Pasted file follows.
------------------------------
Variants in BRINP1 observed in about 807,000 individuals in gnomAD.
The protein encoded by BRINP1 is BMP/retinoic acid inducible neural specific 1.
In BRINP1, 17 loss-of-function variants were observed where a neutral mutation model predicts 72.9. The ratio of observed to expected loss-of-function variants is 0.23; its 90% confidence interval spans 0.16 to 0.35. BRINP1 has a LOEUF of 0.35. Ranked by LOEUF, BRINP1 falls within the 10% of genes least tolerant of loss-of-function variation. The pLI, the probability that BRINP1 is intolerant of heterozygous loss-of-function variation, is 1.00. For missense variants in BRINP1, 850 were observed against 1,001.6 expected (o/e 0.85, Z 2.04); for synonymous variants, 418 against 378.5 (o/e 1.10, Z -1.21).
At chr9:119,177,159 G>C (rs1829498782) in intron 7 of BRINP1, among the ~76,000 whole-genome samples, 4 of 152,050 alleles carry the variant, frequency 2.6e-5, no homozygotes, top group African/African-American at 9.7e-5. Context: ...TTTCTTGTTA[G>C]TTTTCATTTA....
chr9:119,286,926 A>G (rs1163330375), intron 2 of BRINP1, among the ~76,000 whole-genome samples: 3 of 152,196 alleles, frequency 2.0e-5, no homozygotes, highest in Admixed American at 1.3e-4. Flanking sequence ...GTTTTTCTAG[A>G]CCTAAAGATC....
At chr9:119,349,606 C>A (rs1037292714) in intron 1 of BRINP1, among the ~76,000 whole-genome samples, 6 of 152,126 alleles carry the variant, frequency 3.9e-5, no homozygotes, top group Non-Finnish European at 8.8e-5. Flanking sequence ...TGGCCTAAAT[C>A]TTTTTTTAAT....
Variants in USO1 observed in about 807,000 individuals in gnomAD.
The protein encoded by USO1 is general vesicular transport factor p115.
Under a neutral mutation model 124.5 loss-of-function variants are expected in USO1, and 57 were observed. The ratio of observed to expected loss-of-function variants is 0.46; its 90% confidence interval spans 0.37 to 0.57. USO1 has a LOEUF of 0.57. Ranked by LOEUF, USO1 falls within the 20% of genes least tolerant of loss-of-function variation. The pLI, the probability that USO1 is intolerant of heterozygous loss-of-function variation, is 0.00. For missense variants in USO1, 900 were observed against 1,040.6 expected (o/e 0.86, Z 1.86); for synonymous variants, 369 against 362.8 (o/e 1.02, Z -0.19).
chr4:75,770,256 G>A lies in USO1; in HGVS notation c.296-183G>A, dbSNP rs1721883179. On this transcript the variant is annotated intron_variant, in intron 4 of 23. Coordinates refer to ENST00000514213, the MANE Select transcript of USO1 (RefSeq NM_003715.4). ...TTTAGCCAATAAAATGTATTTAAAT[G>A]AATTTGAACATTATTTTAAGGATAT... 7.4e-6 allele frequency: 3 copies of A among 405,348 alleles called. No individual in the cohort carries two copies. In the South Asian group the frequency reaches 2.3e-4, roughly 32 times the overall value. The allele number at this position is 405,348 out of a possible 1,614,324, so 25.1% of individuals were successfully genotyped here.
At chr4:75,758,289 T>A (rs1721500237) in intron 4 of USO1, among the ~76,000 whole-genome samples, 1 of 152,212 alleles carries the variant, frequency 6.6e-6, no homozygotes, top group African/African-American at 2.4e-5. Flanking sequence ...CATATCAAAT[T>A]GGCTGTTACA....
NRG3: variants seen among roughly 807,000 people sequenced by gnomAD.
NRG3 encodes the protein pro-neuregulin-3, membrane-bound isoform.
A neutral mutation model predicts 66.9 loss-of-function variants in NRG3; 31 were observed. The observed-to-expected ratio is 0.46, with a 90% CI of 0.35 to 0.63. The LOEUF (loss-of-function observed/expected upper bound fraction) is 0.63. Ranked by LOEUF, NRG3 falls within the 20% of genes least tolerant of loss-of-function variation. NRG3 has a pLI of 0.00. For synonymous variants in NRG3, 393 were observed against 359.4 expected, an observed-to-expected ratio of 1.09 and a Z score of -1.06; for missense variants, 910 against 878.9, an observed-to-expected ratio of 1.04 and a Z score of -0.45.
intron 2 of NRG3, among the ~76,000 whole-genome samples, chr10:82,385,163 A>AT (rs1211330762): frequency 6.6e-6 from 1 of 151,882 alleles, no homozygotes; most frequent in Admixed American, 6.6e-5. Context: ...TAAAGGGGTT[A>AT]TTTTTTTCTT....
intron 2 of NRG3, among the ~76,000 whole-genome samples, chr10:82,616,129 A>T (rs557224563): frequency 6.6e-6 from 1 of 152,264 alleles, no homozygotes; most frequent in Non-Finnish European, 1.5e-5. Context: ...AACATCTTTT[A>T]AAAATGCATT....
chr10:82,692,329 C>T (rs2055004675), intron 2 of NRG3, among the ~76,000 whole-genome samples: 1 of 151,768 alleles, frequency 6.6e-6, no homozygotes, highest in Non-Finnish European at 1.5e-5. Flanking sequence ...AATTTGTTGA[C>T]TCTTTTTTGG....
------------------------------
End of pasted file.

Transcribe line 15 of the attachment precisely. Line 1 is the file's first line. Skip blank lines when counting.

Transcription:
intron 2 of NRG3, among the ~76,000 whole-genome samples, chr10:82,385,163 A>AT (rs1211330762): frequency 6.6e-6 from 1 of 151,882 alleles, no homozygotes; most frequent in Admixed American, 6.6e-5. Context: ...TAAAGGGGTT[A>AT]TTTTTTTCTT....